Conference Coverage

DiaRem score predicts remission of type 2 diabetes after sleeve gastrectomy

 

Key clinical point: The DiaRem score is useful in predicting remission of type 2 diabetes following laparoscopic sleeve gastrectomy.

Major finding: Results of the DiaRem scores indicated that 58% of patients achieved complete remission of type 2 diabetes.

Study details: A retrospective analysis of 162 patients who underwent laparoscopic sleeve gastrectomy.

Disclosures: Dr. Rosenthal disclosed that he is a consultant for Medtronic. Dr. Lo Menzo reported having no financial disclosures.


 

AT THE ACS CLINICAL CONGRESS

 

– The DiaRem score was effective in predicting remission of type 2 diabetes following laparoscopic sleeve gastrectomy, results from a single-center study showed.

Developed by clinicians at Geisinger Clinic, the DiaRem is a simple score that helps predict remission of type 2 diabetes in severely obese subjects with metabolic syndrome who undergo Roux-en-Y gastric bypass surgery (Lancet Diabetes Endocrinol 2014;2[1]:38-45). The DiaRem score spans from 0 to 22 and is divided into five groups corresponding to five probability ranges for type 2 diabetes remission: 0-2 (88%-99%), 3-7 (64%-88%), 8-12 (23%-49%), 13-17 (11%-33%), 18-22 (2%-16%). In an effort to assess the feasibility of using the DiaRem score to predict remission of type 2 diabetes after laparoscopic sleeve gastrectomy, Raul J. Rosenthal, MD, FACS, and his associates conducted a 4-year retrospective review of 162 patients at the Cleveland Clinic Florida, Weston. “This is the first report that uses the DiaRem score for similar subjects that underwent sleeve gastrectomy instead,” Dr. Rosenthal said in an interview in advance of the annual clinical congress of the American College of Surgeons.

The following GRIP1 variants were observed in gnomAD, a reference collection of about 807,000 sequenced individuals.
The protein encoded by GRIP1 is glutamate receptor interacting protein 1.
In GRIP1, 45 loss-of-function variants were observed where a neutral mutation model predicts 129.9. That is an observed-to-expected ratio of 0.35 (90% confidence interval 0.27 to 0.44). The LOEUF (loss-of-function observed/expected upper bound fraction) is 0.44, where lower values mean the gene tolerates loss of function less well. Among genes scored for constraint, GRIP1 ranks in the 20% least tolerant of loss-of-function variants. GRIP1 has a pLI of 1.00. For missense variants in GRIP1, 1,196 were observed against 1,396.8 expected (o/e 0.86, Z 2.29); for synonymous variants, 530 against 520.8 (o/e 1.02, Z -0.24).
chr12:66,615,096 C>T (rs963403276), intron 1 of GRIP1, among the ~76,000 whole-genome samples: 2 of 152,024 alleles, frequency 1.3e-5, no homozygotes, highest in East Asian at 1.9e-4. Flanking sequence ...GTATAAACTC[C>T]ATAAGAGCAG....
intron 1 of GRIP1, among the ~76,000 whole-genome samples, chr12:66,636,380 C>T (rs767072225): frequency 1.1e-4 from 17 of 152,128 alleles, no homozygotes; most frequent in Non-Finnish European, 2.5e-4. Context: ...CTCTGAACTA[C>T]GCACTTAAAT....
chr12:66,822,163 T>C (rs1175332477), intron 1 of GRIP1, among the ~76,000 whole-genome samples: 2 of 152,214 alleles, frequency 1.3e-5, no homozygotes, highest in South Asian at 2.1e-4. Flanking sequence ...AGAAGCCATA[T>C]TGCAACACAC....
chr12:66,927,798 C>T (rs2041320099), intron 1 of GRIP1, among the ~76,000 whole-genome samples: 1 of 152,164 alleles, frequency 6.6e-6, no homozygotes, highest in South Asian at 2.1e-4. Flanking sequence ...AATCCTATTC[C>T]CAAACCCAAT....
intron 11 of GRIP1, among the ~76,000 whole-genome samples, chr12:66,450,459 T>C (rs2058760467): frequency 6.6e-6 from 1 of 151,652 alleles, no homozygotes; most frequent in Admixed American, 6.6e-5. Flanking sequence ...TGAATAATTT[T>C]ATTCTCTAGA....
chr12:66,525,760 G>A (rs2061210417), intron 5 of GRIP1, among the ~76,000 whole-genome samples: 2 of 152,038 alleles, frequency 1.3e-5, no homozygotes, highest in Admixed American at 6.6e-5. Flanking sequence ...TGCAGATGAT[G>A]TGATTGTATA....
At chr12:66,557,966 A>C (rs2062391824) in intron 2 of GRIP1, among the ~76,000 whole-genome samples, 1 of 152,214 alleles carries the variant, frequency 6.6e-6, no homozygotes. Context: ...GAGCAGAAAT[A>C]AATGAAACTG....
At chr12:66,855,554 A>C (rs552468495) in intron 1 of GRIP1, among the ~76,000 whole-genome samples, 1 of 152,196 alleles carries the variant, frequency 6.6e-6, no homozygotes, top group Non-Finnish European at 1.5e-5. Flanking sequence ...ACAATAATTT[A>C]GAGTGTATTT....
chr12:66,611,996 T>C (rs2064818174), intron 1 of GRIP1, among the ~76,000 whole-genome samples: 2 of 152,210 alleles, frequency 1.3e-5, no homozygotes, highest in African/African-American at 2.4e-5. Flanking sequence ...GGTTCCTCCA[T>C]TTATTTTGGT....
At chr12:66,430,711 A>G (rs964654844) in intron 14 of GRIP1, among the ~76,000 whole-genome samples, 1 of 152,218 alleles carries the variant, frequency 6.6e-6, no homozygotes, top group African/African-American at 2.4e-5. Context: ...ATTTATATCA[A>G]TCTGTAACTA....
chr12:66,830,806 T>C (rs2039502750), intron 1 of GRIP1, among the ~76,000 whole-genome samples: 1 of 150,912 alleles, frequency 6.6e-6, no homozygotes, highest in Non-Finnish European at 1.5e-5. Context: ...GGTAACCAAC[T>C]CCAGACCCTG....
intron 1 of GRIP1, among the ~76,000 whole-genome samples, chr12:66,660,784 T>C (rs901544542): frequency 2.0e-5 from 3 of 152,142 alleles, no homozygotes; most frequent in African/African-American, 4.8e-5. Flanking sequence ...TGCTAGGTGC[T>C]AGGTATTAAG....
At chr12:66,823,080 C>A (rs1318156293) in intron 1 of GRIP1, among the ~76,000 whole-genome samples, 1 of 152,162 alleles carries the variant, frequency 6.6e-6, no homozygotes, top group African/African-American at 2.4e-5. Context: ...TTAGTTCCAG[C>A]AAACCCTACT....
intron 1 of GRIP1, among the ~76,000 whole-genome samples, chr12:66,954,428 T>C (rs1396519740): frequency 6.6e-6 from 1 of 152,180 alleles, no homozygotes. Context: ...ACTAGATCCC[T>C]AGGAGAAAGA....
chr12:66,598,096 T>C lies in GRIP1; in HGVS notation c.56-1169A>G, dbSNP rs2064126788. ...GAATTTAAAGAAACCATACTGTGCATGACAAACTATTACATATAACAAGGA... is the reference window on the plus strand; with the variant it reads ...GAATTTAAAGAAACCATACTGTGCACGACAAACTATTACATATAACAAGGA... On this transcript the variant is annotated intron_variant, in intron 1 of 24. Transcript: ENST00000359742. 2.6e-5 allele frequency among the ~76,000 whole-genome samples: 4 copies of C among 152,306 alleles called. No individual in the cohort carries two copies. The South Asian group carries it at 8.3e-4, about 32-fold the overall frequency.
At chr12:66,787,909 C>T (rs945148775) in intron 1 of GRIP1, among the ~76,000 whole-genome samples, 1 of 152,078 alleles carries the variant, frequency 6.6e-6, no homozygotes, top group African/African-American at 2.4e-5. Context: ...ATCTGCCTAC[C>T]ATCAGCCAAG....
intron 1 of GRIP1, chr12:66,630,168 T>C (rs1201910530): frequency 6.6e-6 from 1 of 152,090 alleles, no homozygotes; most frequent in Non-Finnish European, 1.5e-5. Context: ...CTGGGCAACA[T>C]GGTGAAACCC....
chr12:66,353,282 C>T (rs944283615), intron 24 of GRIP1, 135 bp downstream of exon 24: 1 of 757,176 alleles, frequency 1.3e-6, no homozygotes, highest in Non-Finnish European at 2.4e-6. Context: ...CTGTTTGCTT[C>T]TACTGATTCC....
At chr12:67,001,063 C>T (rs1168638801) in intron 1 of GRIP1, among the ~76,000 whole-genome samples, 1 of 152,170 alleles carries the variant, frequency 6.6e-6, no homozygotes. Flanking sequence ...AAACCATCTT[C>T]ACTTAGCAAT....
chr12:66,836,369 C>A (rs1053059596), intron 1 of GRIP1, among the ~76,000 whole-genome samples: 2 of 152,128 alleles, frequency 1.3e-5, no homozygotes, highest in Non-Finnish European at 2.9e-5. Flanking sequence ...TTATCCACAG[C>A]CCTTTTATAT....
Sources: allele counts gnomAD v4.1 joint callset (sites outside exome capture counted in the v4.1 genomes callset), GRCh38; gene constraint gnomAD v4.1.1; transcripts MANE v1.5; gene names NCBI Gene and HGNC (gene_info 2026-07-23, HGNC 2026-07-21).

Dr. Raul J. Rosenthal, Cleveland Clinic Florida, Weston
Dr. Raul J. Rosenthal


The mean age of the 162 patients was 55 years, 61% were women, 74% were non-Hispanic, their mean body mass index was 43.2 kg/m2, 33% had a preoperative hemoglobin A1c level between 7% and 8.9%, and 22% had an HbA1c of 9%. All had a minimum follow-up of 1 year after their laparoscopic sleeve gastrectomy and 67% had follow-up of 3 years or more, said Dr. Rosenthal, professor and chairman of the department of general surgery at Cleveland Clinic Florida.

Based on results of the DiaRem scores, 58% of patients achieved complete remission of type 2 diabetes, 6% achieved partial remission, and 36% had no remission. Specifically, 96% had DiaRem scores between 0 and 2; 92% had scores between 3 and 7; 50% had scores between 8 and 12, 20% had scores between 13 and 17, and 24% had scores between 18 and 22. “We were pleased to find out that 58% of patients that underwent sleeve gastrectomy achieved complete remission of type 2 diabetes mellitus,” said Dr. Rosenthal, who also directs the clinic’s bariatric and metabolic institute. “This compares favorably to previous reports in which patients achieved 33% of complete remission after gastric bypass.” The researchers also found that 84% of patients achieved remission in 12 months and the rest in 3 years. They observed medication reduction in 93% of the patients.

“Sleeve gastrectomy is a valid bariatric-metabolic procedure in patients with type 2 diabetes,” Dr. Rosenthal concluded. “The main limitation of this study is that is it a retrospective one, and we do not have a control group of patients that underwent gastric bypass or medical treatment to compare.”

The findings were presented at the meeting by Emanuele Lo Menzo, MD. Dr. Rosenthal disclosed that he is a consultant for Medtronic. Dr. Lo Menzo reported having no financial disclosures.

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